Vulnerability and Poverty Reduction Team News - October 2012
Welcome to the VPR news
Each month, we are hoping to bring you a taste of some of the research work we are conducting, updates from our blog, Povertics, as well as our responses to development issues and access to our publications.
The technocratisation of poverty analysis and policy
One of the biggest sources of failure for international development policy in the 20th century has been the technocratisation of poverty analysis and policy. The reduction of poor men, women and children to sets of numbers to be moved above or below a line allows politicians, policy makers and analysts alike to dehumanise poverty.
So let’s make the technical more political – time for a Sure Start on global child nutrition?
I’ve just returned from an event IDS hosted at the UK’s Labour Party conference in Manchester. At our roundtable, we asked Labour MPs, MEPs, NGOs and the corporate sector how we can put an end to global undernutrition by 2020 and discussed the UK’s role in ensuring that tackling undernutrition remains a global priority.
What if there were 5 clusters of quite different developing countries?
Many have challenged the use of income per capita as the primary proxy for development. Of course, in addition to low and middle income countries there are many classifications – notably those by Human Development and the Least Developed Countries classifications and the new pioneering work of the Oxford Poverty and Human Development Institute.
Households in Conflict Network Working Paper 122
Standing on the Threshold: Food Justice in India
India stands on the threshold of potentially the largest step toward food justice the world has ever seen, as the National Food Security Bill works its way through parliament with a view to being passed during its current term period, covering about 70 per cent of households. This special IDS Bulletin, co-constructed with Oxfam India, brings together the views and opinions of some of India's leading practitioner-thinkers to infuse debates such as; how to ensure the marginalised are not excluded from nutrition programmes and that their land and mineral rights are protected?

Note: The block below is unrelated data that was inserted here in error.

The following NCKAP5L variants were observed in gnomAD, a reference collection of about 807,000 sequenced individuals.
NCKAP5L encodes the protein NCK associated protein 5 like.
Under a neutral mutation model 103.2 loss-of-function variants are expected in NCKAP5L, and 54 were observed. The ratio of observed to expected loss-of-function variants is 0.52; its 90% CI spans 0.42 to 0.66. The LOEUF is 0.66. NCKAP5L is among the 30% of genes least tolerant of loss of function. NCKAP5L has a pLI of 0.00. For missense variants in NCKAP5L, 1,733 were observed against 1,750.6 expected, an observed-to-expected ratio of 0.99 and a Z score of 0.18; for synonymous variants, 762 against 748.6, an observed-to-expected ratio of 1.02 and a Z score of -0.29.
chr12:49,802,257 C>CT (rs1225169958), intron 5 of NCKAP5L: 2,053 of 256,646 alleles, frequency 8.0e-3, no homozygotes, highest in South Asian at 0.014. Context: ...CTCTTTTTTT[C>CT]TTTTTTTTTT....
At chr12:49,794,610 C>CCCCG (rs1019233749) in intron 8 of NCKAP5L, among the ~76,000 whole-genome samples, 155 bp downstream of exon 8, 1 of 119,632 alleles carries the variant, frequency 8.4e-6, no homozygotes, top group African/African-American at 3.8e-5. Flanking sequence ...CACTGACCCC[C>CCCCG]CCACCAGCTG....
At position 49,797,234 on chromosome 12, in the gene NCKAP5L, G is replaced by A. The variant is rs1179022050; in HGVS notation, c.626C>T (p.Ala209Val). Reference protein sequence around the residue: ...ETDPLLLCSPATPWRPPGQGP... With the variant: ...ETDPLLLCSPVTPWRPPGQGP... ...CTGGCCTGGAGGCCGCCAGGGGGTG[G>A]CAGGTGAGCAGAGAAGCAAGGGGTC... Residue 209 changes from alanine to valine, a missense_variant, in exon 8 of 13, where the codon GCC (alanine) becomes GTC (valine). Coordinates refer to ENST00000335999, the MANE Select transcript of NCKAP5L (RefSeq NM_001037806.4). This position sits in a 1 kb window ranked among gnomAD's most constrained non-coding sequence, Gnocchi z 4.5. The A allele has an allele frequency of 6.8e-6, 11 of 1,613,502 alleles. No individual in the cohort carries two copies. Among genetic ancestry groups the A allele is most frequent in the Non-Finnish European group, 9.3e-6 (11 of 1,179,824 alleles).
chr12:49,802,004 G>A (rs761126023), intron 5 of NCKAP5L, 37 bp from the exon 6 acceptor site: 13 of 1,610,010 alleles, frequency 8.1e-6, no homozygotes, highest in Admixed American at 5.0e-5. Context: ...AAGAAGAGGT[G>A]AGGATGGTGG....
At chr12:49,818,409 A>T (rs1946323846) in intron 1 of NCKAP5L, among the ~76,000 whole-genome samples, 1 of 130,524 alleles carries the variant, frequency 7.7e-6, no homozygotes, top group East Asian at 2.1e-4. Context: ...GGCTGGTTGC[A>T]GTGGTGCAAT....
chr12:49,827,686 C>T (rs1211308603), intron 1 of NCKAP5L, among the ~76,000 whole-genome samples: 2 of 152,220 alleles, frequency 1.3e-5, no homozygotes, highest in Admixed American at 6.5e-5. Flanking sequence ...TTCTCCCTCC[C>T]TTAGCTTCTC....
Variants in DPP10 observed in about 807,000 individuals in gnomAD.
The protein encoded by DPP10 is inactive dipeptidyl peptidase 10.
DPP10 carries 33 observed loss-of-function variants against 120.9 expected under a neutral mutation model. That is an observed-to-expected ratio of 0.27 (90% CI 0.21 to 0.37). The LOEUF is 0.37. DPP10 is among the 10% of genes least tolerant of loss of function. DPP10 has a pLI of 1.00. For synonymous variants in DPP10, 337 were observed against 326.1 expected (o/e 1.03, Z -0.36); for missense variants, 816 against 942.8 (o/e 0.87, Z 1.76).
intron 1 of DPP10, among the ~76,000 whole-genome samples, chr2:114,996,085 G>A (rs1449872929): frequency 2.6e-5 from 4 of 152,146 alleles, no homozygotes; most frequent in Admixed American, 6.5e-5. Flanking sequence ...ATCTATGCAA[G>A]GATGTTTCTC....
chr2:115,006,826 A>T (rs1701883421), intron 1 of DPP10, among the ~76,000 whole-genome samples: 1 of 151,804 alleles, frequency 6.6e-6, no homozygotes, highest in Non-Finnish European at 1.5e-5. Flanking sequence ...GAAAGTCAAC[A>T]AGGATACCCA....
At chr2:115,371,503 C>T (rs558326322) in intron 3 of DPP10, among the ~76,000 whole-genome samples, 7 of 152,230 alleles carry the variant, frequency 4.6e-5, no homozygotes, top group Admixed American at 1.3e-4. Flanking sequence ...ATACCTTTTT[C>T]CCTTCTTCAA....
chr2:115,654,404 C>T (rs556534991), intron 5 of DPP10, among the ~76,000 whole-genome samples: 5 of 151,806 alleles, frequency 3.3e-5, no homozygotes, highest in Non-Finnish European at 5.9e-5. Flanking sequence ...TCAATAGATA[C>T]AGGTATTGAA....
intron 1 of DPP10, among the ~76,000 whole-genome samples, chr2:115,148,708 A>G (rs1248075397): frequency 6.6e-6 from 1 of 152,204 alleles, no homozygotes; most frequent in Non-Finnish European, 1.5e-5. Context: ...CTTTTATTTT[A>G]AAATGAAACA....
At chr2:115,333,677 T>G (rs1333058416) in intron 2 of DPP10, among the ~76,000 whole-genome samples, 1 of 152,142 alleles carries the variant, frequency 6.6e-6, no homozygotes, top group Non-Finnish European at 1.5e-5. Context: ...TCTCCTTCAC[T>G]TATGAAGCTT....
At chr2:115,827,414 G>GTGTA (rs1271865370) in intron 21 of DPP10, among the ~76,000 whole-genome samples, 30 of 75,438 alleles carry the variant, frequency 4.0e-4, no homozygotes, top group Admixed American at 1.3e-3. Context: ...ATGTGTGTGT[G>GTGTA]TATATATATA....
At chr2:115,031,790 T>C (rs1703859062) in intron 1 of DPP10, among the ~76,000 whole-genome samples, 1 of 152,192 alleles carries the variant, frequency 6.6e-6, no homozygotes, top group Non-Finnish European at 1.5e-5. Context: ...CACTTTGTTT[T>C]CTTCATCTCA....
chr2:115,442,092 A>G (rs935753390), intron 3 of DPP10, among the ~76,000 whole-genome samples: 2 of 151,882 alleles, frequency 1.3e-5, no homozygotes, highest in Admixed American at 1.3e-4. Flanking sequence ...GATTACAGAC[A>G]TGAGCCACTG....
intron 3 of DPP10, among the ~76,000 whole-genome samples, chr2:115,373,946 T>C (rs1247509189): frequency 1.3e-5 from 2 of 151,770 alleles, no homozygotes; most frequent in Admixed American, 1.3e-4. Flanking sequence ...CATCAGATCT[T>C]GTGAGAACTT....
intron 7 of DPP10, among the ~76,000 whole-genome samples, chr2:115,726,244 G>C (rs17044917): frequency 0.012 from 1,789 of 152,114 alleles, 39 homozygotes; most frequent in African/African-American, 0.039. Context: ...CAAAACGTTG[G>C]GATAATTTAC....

Young People and Agriculture in Africa
IDS Bulletin 43.6
Despite increased commitment to evidence-based policy in African agriculture, the profile of certain 'problems', and the imperative to address them quickly through policy and programmes, becomes separated from evidence and understanding. When this happens, policy advocates, policymakers and development planners rely heavily on 'common knowledge', anecdote and narrative to develop and argue policy alternatives. This is unlikely to result in good policy and development outcomes, particularly when the problems being addressed are associated with complexities such as poverty, livelihoods, agrarian transitions, social justice or sustainability. It is important to ask how common policy responses articulate with ongoing economic, social and political transitions, and with young people's own imperatives, aspirations, strategies and activities.
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21 May 2013 13:00 to 14:30
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4 June 2013 13.00 to 14.30
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4 June 2013 16:00 to 17:30
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